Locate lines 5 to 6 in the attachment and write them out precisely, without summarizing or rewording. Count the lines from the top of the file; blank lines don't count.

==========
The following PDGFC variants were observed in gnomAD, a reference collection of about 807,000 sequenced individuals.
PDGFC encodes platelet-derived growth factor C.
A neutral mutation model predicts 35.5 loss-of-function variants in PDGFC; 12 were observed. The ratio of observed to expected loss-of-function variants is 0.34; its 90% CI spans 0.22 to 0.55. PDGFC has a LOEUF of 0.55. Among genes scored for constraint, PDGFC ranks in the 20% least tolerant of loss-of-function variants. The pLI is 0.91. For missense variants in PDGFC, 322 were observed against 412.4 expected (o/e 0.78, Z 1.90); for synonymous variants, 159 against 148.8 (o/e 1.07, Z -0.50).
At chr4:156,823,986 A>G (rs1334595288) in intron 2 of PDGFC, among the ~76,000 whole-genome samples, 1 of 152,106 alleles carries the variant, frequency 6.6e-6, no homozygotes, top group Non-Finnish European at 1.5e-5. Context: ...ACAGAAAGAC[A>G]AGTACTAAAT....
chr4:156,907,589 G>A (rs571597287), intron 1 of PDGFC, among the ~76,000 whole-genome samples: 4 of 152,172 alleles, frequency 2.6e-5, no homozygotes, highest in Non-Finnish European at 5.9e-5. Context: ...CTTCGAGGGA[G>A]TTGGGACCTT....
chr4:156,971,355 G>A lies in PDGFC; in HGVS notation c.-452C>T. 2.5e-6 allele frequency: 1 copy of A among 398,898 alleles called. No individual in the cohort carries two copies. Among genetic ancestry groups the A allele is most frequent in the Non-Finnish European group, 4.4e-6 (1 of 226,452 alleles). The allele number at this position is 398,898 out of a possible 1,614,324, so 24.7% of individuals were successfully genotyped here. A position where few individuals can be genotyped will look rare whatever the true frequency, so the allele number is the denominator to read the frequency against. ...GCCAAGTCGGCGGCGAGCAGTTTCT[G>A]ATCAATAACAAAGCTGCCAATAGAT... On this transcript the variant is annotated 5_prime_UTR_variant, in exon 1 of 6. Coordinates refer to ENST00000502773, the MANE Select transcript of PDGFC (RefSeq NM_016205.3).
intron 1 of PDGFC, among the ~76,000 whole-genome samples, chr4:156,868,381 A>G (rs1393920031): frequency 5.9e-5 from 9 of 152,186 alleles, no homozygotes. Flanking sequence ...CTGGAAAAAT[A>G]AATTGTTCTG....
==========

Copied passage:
chr4:156,907,589 G>A (rs571597287), intron 1 of PDGFC, among the ~76,000 whole-genome samples: 4 of 152,172 alleles, frequency 2.6e-5, no homozygotes, highest in Non-Finnish European at 5.9e-5. Context: ...CTTCGAGGGA[G>A]TTGGGACCTT....
chr4:156,971,355 G>A lies in PDGFC; in HGVS notation c.-452C>T. 2.5e-6 allele frequency: 1 copy of A among 398,898 alleles called. No individual in the cohort carries two copies. Among genetic ancestry groups the A allele is most frequent in the Non-Finnish European group, 4.4e-6 (1 of 226,452 alleles). The allele number at this position is 398,898 out of a possible 1,614,324, so 24.7% of individuals were successfully genotyped here. A position where few individuals can be genotyped will look rare whatever the true frequency, so the allele number is the denominator to read the frequency against. ...GCCAAGTCGGCGGCGAGCAGTTTCT[G>A]ATCAATAACAAAGCTGCCAATAGAT... On this transcript the variant is annotated 5_prime_UTR_variant, in exon 1 of 6. Coordinates refer to ENST00000502773, the MANE Select transcript of PDGFC (RefSeq NM_016205.3).